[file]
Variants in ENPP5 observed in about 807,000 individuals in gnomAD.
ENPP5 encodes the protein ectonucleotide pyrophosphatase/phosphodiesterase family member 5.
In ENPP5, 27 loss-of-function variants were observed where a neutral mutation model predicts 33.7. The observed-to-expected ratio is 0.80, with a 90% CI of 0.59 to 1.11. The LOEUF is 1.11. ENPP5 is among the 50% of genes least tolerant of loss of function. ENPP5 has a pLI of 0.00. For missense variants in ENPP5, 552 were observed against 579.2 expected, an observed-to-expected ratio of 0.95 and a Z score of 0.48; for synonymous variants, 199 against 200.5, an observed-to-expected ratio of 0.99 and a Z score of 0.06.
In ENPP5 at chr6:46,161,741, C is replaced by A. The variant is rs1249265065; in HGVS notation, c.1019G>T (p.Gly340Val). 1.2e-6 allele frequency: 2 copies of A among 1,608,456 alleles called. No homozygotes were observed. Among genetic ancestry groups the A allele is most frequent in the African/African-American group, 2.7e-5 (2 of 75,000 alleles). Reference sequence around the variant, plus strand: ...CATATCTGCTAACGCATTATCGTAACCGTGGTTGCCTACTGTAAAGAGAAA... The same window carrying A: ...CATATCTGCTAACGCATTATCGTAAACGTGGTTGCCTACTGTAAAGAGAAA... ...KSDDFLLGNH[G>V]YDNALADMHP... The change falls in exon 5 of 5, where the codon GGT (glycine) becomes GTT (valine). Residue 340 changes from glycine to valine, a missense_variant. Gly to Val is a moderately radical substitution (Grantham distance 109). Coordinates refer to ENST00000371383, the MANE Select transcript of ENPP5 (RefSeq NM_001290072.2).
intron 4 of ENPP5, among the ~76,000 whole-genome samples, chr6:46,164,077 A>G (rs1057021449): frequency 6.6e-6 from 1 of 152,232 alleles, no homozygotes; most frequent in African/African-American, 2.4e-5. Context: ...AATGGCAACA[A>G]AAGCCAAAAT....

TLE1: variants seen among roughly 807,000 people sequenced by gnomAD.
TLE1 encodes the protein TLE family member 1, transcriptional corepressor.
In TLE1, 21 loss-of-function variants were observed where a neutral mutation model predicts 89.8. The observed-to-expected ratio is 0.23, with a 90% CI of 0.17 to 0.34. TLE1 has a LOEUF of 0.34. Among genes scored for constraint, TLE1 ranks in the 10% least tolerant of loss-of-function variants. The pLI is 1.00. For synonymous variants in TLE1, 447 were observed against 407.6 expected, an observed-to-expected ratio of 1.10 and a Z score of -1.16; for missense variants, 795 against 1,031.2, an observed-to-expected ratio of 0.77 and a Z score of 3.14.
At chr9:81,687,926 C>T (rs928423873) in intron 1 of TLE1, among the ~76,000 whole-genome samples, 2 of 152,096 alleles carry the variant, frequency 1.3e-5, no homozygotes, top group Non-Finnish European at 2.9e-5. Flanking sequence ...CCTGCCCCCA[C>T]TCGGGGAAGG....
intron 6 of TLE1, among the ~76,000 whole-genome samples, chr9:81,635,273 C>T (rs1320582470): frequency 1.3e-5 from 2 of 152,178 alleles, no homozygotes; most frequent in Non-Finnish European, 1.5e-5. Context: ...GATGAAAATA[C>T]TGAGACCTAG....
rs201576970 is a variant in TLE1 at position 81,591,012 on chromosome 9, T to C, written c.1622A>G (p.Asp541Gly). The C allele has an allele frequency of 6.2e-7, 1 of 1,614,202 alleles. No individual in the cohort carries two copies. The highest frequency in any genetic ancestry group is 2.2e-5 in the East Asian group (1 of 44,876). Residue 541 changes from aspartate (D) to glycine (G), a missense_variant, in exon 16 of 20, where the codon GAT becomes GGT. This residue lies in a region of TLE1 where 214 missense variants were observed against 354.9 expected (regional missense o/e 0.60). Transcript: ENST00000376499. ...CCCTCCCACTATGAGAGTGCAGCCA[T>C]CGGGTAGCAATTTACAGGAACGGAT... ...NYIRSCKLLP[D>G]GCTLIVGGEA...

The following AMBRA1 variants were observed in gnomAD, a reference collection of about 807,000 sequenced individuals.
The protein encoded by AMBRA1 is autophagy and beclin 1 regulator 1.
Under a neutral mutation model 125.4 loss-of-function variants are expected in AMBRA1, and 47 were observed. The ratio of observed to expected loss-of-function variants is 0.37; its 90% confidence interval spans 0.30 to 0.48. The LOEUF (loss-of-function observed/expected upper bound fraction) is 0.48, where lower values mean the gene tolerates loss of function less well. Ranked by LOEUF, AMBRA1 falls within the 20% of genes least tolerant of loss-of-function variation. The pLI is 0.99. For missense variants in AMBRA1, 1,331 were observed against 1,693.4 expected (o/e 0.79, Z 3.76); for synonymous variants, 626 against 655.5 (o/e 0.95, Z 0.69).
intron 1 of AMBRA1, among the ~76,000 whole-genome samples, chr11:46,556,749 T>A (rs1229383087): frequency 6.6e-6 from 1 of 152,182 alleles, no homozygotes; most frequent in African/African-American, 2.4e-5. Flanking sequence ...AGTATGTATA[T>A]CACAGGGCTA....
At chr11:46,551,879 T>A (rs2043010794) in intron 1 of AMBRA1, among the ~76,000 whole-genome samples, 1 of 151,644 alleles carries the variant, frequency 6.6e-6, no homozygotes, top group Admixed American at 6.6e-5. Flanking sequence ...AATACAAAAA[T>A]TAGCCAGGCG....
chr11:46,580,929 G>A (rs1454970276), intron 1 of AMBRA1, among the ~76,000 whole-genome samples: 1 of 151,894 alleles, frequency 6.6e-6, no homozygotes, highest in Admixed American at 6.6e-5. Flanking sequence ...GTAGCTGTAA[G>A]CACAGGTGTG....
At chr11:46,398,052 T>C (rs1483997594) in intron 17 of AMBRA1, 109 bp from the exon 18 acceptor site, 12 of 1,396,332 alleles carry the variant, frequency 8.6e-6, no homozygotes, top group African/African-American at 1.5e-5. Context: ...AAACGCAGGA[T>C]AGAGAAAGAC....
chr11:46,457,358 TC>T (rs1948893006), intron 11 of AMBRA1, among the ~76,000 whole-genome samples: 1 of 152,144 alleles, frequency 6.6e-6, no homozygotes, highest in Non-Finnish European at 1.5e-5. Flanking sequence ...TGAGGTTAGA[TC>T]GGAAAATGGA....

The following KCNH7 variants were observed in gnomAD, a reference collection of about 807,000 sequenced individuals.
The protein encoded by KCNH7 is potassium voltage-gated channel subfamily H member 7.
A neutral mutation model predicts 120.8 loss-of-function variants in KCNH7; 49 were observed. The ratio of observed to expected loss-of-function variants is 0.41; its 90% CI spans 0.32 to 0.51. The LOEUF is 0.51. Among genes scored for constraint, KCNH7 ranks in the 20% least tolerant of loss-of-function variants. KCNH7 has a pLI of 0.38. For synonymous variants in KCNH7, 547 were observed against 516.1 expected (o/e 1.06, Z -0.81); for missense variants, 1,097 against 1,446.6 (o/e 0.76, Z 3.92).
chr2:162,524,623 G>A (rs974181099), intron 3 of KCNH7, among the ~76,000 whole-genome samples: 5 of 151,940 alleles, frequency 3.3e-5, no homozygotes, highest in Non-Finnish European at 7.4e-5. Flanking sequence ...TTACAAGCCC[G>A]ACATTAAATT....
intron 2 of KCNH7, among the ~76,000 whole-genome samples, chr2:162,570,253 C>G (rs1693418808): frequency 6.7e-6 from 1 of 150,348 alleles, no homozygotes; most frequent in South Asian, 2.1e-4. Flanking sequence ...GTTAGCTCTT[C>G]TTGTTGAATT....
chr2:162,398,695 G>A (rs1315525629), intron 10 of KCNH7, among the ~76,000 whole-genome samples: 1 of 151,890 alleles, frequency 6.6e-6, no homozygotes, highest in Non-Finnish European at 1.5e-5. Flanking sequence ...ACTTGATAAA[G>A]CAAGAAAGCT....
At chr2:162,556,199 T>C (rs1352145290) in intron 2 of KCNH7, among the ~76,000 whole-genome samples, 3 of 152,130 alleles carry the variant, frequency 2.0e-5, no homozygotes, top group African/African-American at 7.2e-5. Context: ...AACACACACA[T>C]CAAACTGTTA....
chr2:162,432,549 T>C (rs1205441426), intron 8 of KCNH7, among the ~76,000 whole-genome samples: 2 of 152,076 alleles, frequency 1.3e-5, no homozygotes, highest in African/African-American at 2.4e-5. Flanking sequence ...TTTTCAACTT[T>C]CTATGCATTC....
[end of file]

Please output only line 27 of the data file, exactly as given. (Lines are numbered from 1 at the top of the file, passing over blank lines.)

chr2:162,432,549 T>C (rs1205441426), intron 8 of KCNH7, among the ~76,000 whole-genome samples: 2 of 152,076 alleles, frequency 1.3e-5, no homozygotes, highest in African/African-American at 2.4e-5. Flanking sequence ...TTTTCAACTT[T>C]CTATGCATTC....